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HomeFarming NewsHigh fire risk as temperatures to hit 17°C
Catherina Cunnane
Catherina Cunnane
Catherina Cunnane hails from a sixth-generation drystock and specialised pedigree suckler enterprise in Co. Mayo. She currently holds the positions of editor and general manager at That's Farming, having joined the firm during its start-up phase in 2015.
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High fire risk as temperatures to hit 17°C

The Department of Agriculture, Food and the Marine has issued a status orange – high fire risk warning.

The alert is effective from yesterday (Thursday, March 24th, 2022) to 12 pm on Monday, March 28th, 2022, pending “significant” rainfall.

Arising from current high pressure dominated weather patterns, a high fire risk is deemed to exist in all areas where hazardous fuels such as dead grasses and shrub fuels such as heather and gorse exist.

The DAFM expects an increase in fire risk through the coming weekend as these conditions persist.

The warning confirmed that current ignition risks appear to be mainly associated burning of vegetation in upland areas.

It outlined that lower daytime humidity levels and light to moderate wind speeds are likely to influence fire behaviour and rates of spread during the lifespan of this warning.

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The alert highlighted that wind speeds might exceed 20km/h in some areas at times. It added that higher windspeeds would increase suppression requirements where these occur.

The DAFM has urged all forest owners and managers to prepare for likely fire outbreaks.

Review fire lines, fire plans and fire suppression equipment and confirm and check other relevant contingencies such as insurance, helicopter contracts etc.

The DAFM asks:

  • Forest owners, farmers, rural dwellers and other countryside users to be extremely vigilant regarding fire activity;
  • Report any suspicious or illegal activity to the Gardaí;
  • Report all fires immediately to the fire and emergency services via 112/999.
Fire mitigation measures

The DAFM recommends that forest owners and managers should consider the fire mitigation measures that they can put in place to help prevent loss or damage to forest resources through fire.

It provided the following examples:

  • Firstly, prepare: Develop fire plans showing all access routes and assembly points for fighting personnel, equipment, and potential water sources. Also include contact details for the emergency services, landowners, forestry owners, ect. Have fire-fighting tools available.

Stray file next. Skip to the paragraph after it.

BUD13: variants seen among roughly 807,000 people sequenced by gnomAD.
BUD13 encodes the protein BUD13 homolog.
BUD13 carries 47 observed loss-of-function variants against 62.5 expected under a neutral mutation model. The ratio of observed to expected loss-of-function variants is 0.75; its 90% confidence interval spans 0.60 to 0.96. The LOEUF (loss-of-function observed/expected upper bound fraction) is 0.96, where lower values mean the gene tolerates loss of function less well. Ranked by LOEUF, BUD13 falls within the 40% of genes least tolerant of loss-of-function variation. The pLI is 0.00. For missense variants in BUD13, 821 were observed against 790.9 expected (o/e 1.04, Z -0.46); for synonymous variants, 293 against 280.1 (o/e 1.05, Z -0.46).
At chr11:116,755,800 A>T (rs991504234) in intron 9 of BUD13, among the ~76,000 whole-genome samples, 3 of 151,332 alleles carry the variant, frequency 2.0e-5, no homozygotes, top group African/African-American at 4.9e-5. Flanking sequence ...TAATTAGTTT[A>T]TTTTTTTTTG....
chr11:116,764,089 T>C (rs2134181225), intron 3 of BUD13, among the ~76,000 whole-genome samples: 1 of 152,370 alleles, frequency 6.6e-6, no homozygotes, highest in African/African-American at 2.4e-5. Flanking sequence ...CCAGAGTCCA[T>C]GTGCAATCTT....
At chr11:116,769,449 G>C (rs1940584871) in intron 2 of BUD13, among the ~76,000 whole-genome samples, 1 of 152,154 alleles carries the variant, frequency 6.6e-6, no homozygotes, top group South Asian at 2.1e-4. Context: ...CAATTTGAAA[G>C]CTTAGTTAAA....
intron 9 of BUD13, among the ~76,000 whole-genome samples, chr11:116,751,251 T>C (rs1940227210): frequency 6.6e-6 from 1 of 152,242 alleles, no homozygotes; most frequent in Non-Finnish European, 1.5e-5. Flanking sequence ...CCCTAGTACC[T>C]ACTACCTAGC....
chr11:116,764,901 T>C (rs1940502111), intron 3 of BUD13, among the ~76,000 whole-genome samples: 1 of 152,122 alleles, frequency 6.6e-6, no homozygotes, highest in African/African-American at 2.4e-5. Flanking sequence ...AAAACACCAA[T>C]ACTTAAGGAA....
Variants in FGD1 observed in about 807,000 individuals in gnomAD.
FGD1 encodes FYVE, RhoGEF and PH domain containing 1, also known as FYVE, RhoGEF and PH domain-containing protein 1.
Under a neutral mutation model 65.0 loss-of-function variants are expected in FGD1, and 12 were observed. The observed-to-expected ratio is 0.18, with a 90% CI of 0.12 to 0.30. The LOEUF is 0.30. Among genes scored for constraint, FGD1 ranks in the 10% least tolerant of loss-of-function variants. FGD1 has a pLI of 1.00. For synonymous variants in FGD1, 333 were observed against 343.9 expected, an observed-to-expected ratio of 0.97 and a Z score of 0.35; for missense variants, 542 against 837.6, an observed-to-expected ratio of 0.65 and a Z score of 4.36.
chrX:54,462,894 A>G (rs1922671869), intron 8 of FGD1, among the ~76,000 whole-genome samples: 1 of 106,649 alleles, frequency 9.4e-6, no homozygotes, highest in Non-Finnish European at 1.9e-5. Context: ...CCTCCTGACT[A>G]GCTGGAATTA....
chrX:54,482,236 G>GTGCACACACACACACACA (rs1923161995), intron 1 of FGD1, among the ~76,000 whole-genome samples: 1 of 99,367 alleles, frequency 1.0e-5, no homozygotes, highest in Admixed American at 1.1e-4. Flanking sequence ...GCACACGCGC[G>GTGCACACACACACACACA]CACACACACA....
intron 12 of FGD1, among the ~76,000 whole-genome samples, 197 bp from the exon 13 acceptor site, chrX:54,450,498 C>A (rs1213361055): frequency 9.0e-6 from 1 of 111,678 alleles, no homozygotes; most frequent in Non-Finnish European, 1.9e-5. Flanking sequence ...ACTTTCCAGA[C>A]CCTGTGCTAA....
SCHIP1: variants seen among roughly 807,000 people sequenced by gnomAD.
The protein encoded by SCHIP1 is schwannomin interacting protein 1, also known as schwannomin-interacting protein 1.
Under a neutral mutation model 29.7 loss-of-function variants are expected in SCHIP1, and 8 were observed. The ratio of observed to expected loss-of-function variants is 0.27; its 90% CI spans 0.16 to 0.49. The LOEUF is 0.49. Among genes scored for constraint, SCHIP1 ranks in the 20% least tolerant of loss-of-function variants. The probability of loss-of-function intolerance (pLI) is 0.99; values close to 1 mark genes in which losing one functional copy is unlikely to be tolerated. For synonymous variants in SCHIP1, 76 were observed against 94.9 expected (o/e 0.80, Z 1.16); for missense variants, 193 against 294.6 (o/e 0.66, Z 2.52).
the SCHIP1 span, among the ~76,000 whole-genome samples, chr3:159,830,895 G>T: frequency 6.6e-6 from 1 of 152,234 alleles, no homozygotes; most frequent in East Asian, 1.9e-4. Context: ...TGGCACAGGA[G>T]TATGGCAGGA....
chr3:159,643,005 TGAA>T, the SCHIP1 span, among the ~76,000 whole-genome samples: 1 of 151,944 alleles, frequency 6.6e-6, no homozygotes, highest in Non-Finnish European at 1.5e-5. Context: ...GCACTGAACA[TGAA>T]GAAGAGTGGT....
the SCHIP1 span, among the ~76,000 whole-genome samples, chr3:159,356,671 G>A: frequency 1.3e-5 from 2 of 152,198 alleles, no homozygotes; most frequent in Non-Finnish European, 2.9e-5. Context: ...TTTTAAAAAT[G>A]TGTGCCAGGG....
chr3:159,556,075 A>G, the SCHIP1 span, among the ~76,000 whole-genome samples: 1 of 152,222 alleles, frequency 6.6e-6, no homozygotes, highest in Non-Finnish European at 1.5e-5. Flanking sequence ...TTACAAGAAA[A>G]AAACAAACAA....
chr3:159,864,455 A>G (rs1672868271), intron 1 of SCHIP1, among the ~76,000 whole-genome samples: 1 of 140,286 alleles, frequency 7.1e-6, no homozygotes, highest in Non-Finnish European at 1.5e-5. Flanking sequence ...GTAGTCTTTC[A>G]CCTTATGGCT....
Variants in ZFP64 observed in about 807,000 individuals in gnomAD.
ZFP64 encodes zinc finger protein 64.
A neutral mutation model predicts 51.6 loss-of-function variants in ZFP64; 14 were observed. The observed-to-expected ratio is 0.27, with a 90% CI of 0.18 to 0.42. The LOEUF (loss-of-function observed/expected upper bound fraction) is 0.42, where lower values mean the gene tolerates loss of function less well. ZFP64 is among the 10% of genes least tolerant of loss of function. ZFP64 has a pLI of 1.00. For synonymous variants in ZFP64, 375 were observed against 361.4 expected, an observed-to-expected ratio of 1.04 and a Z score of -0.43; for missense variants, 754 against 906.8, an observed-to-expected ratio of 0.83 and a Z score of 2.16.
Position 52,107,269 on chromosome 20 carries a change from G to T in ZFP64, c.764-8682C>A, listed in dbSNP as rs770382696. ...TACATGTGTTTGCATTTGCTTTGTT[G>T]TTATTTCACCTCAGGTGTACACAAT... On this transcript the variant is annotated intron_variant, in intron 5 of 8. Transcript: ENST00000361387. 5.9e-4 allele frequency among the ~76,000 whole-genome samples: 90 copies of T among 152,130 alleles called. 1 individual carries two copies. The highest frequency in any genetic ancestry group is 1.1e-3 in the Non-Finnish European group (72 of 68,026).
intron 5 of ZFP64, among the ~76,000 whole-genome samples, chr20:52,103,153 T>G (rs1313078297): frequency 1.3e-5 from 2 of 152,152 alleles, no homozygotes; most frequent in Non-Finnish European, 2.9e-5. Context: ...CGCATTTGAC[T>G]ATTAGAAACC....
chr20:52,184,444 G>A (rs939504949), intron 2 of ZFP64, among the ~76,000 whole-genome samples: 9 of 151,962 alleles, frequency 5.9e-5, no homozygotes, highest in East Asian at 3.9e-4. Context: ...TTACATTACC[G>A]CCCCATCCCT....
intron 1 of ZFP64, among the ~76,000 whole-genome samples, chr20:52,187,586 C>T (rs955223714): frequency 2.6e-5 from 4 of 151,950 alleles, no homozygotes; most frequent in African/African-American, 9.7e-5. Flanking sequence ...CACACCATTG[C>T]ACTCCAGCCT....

• Vigilance: Fire patrols may be warranted in known fire hotspots. Co-operate with fire planning and share the burden of fire patrols and vigilance during high-risk periods.
  • Risk assessment: Assess your property regarding fire risk and mitigation factors.
  • Obey the law: It is an offence to cut, grub, burn or otherwise destroy any vegetation growing on any land not then cultivated between March 1st and August 31st in any year. Report all suspicious or illegal activity to Gardaí immediately. Landowners wishing to carry out legally permitted prescribed burning must notify in writing all forest owners within one mile of the wood, and the local Garda station, between 7 and 35 days in advance of the burning operation.
  • Report fires and losses: If you see a fire, report it immediately to the fire and emergency services. Meanwhile, if your forest is damaged or destroyed, report this to your local Garda station and the DAFM.
Farming weather

Meanwhile, according to Met Éireann, temperatures will reach 17 degrees Celsius this weekend, with values to remain high into early next week.

There will be largely dry days with spells of sunshine, with some mist and fog to form at night.

Winds will stay rather light, with cloudier conditions expected from Tuesday onwards.

It exchanges a change on Wednesday as cooler air blankets hit the country. They will bring scattered showers and lower temperatures of 6 to 9 degrees Celsius in brisk, northerly winds.

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